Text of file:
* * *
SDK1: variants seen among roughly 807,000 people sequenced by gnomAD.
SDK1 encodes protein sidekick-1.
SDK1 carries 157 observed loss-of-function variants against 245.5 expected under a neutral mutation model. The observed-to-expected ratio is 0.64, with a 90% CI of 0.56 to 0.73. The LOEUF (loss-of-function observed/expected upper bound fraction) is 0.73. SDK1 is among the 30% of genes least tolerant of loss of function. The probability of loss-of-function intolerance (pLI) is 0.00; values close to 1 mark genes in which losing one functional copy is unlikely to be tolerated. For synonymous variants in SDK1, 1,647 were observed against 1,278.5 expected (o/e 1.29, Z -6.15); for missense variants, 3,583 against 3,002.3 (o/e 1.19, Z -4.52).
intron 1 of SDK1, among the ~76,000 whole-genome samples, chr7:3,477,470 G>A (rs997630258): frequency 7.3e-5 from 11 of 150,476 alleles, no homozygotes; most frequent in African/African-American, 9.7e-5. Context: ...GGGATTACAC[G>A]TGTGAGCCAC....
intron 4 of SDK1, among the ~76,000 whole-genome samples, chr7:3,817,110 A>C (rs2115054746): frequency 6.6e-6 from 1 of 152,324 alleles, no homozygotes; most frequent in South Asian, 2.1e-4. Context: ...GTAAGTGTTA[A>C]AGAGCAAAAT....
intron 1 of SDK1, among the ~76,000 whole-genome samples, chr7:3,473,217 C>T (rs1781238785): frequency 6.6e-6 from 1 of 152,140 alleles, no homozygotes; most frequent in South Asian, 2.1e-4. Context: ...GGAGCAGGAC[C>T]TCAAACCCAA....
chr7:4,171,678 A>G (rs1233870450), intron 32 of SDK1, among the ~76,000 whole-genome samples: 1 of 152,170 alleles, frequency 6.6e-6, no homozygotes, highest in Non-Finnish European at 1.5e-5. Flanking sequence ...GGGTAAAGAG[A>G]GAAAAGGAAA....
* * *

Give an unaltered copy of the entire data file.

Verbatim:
SDK1: variants seen among roughly 807,000 people sequenced by gnomAD.
SDK1 encodes protein sidekick-1.
SDK1 carries 157 observed loss-of-function variants against 245.5 expected under a neutral mutation model. The observed-to-expected ratio is 0.64, with a 90% CI of 0.56 to 0.73. The LOEUF (loss-of-function observed/expected upper bound fraction) is 0.73. SDK1 is among the 30% of genes least tolerant of loss of function. The probability of loss-of-function intolerance (pLI) is 0.00; values close to 1 mark genes in which losing one functional copy is unlikely to be tolerated. For synonymous variants in SDK1, 1,647 were observed against 1,278.5 expected (o/e 1.29, Z -6.15); for missense variants, 3,583 against 3,002.3 (o/e 1.19, Z -4.52).
intron 1 of SDK1, among the ~76,000 whole-genome samples, chr7:3,477,470 G>A (rs997630258): frequency 7.3e-5 from 11 of 150,476 alleles, no homozygotes; most frequent in African/African-American, 9.7e-5. Context: ...GGGATTACAC[G>A]TGTGAGCCAC....
intron 4 of SDK1, among the ~76,000 whole-genome samples, chr7:3,817,110 A>C (rs2115054746): frequency 6.6e-6 from 1 of 152,324 alleles, no homozygotes; most frequent in South Asian, 2.1e-4. Context: ...GTAAGTGTTA[A>C]AGAGCAAAAT....
intron 1 of SDK1, among the ~76,000 whole-genome samples, chr7:3,473,217 C>T (rs1781238785): frequency 6.6e-6 from 1 of 152,140 alleles, no homozygotes; most frequent in South Asian, 2.1e-4. Context: ...GGAGCAGGAC[C>T]TCAAACCCAA....
chr7:4,171,678 A>G (rs1233870450), intron 32 of SDK1, among the ~76,000 whole-genome samples: 1 of 152,170 alleles, frequency 6.6e-6, no homozygotes, highest in Non-Finnish European at 1.5e-5. Flanking sequence ...GGGTAAAGAG[A>G]GAAAAGGAAA....